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For US, finding right allies in Syria will be tough

The citizen journalism image provided by Edlib News Network, ENN, which has been authenticated based on its contents and other AP reporting, shows rebels from al-Qaida affiliated Jabhat al-Nusra, also known as the Nusra Front, waving their brigade flag as they step on the top of a Syrian air force helicopter, Jan. 11, 2013. (AP Photo/Edlib News Network ENN, File)
The citizen journalism image provided by Edlib News Network, ENN, which has been authenticated based on its contents and other AP reporting, shows rebels from al-Qaida affiliated Jabhat al-Nusra, also known as the Nusra Front, waving their brigade flag as they step on the top of a Syrian air force helicopter, Jan. 11, 2013. (AP Photo/Edlib News Network ENN, File) AP

In an effort to map out the ideological spectrum of Syria’s various rebel groups, Turkish and American officials used a color-coded scheme: green for trusted friends, red for clear-cut enemies and yellow for those in the middle.

That middle section turned into a point of contention when it became clear that the Turks were willing to work with groups that were anathema to the United States, including al Qaida’s Nusra Front and the hard-line Ahrar al Sham. Turkish officials seemed to be gambling that they could build a moderate rebel force by nudging groups in the middle toward the green, friendly category.

“We said, ‘Yes, sure, OK, but a number of the groups that you’re working with, which you consider open to persuasion, we consider beyond the pale. And we will not work with them, and we’d rather you not work with them and we think they need to be blocked from transiting your borders,’ ” Francis Ricciardone, the U.S. ambassador to Turkey until last month, recalled Thursday in a media call arranged by the Atlantic Council foreign policy institute, where he’s now the director of the Middle East program.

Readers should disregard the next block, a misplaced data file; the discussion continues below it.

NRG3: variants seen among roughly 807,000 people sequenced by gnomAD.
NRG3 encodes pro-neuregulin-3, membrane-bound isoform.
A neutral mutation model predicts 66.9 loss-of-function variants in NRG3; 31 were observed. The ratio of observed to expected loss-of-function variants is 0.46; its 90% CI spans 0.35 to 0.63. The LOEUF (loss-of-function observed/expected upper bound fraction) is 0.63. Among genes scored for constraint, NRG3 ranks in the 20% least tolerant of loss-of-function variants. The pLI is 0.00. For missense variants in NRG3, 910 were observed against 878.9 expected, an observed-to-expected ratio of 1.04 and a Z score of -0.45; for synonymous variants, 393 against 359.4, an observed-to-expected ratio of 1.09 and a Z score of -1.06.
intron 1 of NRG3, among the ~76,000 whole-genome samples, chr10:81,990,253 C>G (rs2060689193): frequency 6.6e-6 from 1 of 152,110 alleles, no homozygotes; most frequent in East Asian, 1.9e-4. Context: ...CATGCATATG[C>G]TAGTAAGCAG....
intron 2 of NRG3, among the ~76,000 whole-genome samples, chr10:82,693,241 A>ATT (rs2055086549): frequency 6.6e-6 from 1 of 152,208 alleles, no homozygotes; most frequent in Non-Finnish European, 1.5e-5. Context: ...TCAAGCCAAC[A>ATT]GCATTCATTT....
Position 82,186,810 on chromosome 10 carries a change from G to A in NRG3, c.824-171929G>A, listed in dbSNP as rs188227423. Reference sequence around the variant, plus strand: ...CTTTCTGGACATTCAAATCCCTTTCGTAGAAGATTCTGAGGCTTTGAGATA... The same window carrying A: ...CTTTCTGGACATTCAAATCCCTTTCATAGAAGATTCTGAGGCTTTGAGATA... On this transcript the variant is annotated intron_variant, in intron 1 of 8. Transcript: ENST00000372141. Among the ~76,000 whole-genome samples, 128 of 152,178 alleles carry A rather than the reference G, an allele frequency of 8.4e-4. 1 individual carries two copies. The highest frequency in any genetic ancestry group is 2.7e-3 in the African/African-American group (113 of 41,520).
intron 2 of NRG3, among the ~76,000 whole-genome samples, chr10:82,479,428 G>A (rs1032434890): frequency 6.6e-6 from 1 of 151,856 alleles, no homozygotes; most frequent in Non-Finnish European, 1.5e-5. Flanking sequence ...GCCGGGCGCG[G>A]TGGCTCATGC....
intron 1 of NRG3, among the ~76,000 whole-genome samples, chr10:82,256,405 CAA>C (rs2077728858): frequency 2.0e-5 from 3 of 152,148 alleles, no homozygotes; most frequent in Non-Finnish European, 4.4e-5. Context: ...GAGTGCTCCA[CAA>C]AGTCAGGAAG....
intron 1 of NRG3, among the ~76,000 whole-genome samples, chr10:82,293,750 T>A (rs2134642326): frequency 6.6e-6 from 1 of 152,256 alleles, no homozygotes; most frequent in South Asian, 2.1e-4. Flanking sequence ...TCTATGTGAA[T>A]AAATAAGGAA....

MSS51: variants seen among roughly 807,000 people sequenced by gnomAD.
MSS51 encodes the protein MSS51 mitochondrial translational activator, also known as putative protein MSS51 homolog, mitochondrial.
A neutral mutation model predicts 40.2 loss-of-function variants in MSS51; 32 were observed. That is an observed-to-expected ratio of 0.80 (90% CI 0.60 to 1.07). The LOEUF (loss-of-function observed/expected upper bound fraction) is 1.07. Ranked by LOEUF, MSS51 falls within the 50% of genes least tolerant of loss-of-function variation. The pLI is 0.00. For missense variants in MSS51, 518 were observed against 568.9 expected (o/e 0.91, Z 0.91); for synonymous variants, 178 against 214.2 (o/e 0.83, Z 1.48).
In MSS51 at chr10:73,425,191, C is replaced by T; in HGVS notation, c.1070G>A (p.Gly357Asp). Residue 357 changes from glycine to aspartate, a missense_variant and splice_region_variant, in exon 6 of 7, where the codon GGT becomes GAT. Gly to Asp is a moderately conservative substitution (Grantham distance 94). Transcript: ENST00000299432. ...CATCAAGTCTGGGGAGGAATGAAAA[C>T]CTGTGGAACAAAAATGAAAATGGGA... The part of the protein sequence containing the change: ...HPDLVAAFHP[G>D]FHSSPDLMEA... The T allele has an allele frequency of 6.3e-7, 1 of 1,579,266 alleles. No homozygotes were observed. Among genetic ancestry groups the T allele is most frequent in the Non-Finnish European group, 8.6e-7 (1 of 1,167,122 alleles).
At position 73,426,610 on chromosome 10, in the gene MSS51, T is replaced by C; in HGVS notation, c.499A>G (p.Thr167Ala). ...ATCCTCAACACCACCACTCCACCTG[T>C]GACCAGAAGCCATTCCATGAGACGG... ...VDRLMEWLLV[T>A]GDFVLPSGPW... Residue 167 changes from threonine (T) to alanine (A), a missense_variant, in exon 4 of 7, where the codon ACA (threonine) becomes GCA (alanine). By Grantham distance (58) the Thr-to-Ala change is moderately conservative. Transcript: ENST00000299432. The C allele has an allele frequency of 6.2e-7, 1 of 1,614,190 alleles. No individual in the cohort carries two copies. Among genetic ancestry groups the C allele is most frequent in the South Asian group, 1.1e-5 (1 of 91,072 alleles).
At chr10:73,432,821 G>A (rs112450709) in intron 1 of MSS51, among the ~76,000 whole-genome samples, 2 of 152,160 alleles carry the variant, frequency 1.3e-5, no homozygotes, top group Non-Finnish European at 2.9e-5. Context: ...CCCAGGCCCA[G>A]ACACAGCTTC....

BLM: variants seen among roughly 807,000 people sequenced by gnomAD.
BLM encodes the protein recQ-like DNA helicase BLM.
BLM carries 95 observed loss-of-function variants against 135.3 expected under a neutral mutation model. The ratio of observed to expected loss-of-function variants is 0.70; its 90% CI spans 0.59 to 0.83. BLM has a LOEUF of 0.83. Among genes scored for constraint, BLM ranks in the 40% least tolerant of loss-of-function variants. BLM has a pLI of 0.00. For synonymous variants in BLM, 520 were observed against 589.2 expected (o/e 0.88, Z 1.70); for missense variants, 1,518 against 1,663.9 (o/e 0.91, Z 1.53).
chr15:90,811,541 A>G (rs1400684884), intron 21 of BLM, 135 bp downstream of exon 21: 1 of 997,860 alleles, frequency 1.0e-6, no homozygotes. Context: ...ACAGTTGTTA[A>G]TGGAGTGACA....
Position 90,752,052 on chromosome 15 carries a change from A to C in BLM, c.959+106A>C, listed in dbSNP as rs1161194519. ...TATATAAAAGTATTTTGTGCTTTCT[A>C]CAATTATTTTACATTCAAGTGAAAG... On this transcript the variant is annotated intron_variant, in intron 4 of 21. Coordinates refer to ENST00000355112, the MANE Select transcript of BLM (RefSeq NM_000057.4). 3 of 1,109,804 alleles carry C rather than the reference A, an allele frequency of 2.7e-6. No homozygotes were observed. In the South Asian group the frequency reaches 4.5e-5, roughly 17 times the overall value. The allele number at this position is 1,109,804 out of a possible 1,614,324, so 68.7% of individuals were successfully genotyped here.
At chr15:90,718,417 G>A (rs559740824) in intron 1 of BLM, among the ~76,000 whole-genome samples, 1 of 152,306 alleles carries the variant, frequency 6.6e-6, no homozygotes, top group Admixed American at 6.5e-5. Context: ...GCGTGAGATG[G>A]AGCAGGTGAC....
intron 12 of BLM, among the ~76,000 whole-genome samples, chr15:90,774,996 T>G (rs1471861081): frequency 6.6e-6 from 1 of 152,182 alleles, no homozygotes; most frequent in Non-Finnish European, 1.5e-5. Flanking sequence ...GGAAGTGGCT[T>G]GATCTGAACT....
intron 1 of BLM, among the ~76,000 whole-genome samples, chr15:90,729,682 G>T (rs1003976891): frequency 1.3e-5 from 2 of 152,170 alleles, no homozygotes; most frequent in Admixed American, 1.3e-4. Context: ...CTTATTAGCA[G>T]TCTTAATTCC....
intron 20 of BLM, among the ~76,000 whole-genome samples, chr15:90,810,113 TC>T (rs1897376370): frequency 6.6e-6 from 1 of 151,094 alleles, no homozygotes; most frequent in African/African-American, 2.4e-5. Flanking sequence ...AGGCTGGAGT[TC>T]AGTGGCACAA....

“We ultimately had no choice but to agree to disagree,” Ricciardone said.

U.S. officials haven’t publicly acknowledged previously knowing that Turkey was providing assistance to Nusra, which the State Department designated a foreign terrorist organization in December 2012. Turkey’s Foreign Ministry didn’t respond to a request for comment.

Now the schism with Turkey, never resolved, is resurfacing in a more public way with President Barack Obama’s pledge to build a “moderate” Syrian rebel force as he wades deeper into the Middle East’s turmoil. When the United States and Muslim partners such as Turkey or Saudi Arabia clash over the very definition of “moderate,” who gets to decide the makeup of a coalition-backed rebel force? And no matter what it’s called, is Obama ready to accept the risk of backing a movement that’s widely viewed as too small, too weak and too untrustworthy to win?

“These are serious questions that are not yet resolved,” Ricciardone said. And, he added, “they might not be resolvable.”

Analysts who closely follow Syria are divided as to whether the problems can be overcome or will hobble the whole effort, but there’s agreement that finding an acceptable Syrian partner is the least developed and most elusive part of the president’s ultimate goal of destroying the Islamic State.

Obama’s 14-minute address Wednesday night sidestepped his strategy’s Achilles’ heel: No matter how effective U.S. airstrikes are in taking out Islamic State leaders, there’s simply no acceptable Syrian partner on the ground to complement the American role in the sky. The president made no mention of specific factions that would be involved in the coalition’s fight against Islamic State militants, and it’s not at all clear whom he meant when he referred to “the opposition.”

“If you really want to defeat them and get them out of territory, you’re going to need partners on the ground, and it’s unclear whether we will ever find one in Syria,” said Dalia Dassa Kaye, the director of the Center for Middle East Public Policy for the Virginia-based RAND Corp. research institute.